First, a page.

Navigating post-antibiotic IBS: A gut dietitian’s take

As a gastro dietitian, over the years I’ve seen so many clients who are struggling with the challenges of post-antibiotic irritable bowel syndrome (IBS). 


So, what exactly is post-antibiotic IBS? In short, it’s a condition that can arise after a course of antibiotics and often brings about really uncomfortable and distressing symptoms. In today’s article, we'll shed light on post-antibiotic IBS and hopefully, give you some insights into how nutrition changes can make a big difference in managing your symptoms.

Understanding post-antibiotic IBS

Post-antibiotic IBS occurs when the delicate balance of bacteria in the gut is disrupted by antibiotic treatment, leading to symptoms like bloating, abdominal pain, diarrhoea, and constipation. This imbalance can persist long after the antibiotic course has ended, causing no end of ongoing digestive troubles.

My clients often tell me in clinic that they suddenly have symptoms when eating foods that they never had issues with before. Which can be frustrating, to say the least! 

Post-infectious vs post-antibiotic IBS

The difference between post-antibiotic and post-infectious gut symptoms can be a little confusing. 

Post-antibiotic means that you have taken an antibiotic for any part of your body, not just within your gut. One example could be for a urine infection. The antibiotic itself has messed things up. 

On the other hand, post-infectious means you’ve specifically had a stomach bug. You may or may not have taken any medications for it but it has caused a gut biome imbalance. That’s right - it’s about as clear as mud! But don’t lose hope, there is so much that can be done to get you back on track. 

Working with a gastro dietitian

A gastro dietitian can help you on a journey to, not only improve your symptoms but also tackle their root cause through food. That might look like a special diet process, to identify triggers, like the low FODMAPs diet, or through adding foods which help rebalance, heal and repair your gut health.

Not everyone needs the same thing so, my focus is always on creating a personalised approach. Some healthy foods, believe it or not, can actually be a big trigger for symptoms like bloating, diarrhoea and pain. 

Personalised nutrition tips

Some dietary approaches can be restrictive in the short term, so it’s key you balance your macronutrients, by having sources of protein, carbohydrates, and fats. Keep lots of diversity of different foods to keep up your vitamin and mineral levels. Calcium is an important example. Some foods that can help you get all you need are dairy, like cheese and yoghurt (top tip - lactose-free is often better tolerated in the early stage), or fortified plant alternatives, like coconut milk.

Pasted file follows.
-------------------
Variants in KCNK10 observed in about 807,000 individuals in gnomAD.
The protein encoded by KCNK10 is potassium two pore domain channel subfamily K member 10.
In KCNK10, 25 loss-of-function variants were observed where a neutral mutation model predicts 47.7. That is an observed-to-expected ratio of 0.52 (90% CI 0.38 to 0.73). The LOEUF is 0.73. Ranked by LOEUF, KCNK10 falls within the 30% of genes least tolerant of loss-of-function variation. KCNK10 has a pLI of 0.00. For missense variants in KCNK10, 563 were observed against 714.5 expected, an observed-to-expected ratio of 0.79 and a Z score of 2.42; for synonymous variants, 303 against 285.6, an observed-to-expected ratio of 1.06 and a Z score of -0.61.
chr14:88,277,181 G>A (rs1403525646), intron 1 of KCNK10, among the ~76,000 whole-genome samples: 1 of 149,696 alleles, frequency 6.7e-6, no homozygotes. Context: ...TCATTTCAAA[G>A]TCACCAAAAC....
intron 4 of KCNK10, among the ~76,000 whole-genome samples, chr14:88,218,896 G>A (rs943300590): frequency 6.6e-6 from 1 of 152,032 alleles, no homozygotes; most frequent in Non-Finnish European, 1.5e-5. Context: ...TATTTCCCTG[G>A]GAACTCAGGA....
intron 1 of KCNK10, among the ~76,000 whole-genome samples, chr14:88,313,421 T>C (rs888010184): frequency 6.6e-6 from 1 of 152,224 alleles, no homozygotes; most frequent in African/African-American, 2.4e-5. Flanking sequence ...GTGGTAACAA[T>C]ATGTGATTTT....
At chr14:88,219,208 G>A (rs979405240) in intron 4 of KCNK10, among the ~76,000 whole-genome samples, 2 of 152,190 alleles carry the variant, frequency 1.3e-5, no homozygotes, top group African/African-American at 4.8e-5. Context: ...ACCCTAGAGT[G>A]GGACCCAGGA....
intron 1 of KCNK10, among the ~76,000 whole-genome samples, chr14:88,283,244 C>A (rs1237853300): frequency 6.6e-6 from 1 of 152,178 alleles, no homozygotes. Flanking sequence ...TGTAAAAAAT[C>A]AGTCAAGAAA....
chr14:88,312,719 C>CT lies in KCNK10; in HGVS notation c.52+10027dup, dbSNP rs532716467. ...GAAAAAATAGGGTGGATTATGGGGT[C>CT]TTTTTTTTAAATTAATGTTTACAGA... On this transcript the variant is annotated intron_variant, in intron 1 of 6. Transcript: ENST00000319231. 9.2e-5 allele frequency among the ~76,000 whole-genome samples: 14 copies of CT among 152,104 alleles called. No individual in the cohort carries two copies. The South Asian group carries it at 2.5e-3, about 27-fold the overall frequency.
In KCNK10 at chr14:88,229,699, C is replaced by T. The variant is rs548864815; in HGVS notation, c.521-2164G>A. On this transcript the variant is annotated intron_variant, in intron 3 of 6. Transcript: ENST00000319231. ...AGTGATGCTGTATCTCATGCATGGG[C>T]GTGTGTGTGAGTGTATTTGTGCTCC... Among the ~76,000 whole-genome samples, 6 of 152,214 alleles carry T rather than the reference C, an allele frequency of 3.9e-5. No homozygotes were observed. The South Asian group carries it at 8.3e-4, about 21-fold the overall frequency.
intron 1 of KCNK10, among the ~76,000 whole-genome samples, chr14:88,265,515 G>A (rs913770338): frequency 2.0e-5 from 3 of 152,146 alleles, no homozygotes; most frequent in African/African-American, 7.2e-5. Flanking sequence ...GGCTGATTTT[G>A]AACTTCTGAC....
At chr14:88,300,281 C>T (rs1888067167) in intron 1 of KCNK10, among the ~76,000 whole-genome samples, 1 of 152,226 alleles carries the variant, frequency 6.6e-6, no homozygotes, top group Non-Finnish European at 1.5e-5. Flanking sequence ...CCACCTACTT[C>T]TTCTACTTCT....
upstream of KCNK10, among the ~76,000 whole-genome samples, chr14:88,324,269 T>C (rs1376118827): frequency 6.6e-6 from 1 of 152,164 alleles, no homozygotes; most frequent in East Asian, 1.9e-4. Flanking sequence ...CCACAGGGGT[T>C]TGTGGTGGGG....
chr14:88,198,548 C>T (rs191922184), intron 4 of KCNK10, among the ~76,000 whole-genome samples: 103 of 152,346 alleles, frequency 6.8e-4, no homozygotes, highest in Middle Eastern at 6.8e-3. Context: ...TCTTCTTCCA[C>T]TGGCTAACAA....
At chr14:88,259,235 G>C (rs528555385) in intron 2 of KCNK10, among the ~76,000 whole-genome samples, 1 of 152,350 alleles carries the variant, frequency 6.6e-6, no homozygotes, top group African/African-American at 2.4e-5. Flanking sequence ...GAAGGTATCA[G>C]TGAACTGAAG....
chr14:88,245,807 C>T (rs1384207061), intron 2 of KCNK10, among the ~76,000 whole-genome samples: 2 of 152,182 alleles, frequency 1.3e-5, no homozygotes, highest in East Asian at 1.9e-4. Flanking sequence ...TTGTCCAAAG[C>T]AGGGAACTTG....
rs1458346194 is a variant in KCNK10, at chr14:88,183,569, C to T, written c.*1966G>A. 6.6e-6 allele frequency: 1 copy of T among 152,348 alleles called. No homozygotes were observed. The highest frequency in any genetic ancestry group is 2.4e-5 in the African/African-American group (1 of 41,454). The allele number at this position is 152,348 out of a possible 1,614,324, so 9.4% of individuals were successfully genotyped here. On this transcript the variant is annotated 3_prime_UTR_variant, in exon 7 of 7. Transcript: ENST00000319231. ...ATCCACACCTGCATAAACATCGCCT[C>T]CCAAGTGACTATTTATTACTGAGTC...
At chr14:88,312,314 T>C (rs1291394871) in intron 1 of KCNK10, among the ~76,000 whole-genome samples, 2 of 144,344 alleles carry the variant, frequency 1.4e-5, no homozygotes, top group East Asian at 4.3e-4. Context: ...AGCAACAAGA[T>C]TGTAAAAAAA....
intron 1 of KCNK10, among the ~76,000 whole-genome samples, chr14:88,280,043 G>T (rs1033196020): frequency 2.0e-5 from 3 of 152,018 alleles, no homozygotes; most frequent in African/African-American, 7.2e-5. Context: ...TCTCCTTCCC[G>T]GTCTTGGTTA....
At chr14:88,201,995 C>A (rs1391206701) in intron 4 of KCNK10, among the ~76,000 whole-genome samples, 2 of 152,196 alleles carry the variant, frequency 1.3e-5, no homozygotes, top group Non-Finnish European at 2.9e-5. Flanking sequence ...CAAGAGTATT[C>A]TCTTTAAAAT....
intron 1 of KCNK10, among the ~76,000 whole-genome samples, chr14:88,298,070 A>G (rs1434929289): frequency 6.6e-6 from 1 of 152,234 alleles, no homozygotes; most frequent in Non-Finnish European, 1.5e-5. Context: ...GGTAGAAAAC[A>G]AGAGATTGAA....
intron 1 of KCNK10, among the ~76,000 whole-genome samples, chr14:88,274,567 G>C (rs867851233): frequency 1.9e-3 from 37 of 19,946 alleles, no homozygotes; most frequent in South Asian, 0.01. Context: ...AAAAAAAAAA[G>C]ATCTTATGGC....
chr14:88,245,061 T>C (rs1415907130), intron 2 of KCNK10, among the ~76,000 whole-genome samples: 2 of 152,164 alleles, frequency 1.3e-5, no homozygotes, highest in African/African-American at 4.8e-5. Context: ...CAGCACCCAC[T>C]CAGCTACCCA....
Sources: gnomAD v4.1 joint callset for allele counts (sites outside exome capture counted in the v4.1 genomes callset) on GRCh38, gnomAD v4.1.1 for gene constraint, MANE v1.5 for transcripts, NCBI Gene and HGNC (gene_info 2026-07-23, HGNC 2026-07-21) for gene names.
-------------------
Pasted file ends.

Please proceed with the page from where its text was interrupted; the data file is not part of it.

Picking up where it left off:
What about the low FODMAPs diet?

One approach that has shown promise in managing IBS symptoms is the low FODMAPs diet. FODMAPs are fermentable carbohydrates that can exacerbate digestive issues in susceptible individuals. A big part of what I do when working with the FODMAPs approach is helping my clients navigate the complexities to pinpoint their triggers (that can be the tricky bit!).

It’s also so important to make sure it’s achievable with your routine and, quite frankly, not a miserable experience! Normally that will mean lots of recipes and food swaps, rather than cutting everything out. 

Other nutrition strategies

Low FODMAPs is by no means right for everyone, and not something we want you on strictly long term. Other approaches may involve incorporating gut-friendly foods, such as probiotics, prebiotics, and fibre-rich options, into your meal plans and recipes to build up your beneficial microbes. 

Education is the key

At the heart of my approach as a dietitian is education. It’s so important for you to gain the knowledge and skills you need to take control and make informed dietary choices. Understanding the underlying cause and mechanisms behind post-antibiotic or post-infectious IBS and how nutrition can play a pivotal role in the best treatment approach.

Take the first step

If you're struggling with symptoms and looking for help from a qualified professional remember, you’re not alone! To get started, you can reach out by emailing me via my profile, or by booking a free discovery call to find out more.

The views expressed in this article are those of the author. All articles published on Nutritionist Resource are reviewed by our editorial team.

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London WC2H & W1H
Written by Emily Reilly, RD, MNutr
London WC2H & W1H

Hi, I’m Emily! As an experienced Registered Dietitian, I’m passionate about the life-changing power of nutrition. I work with my clients to translate cutting-edge nutritional research into inspiring nutrition coaching.

Our lives are so busy! So my approach is to make advice and recipes which are actually do-able, and tailored to you.

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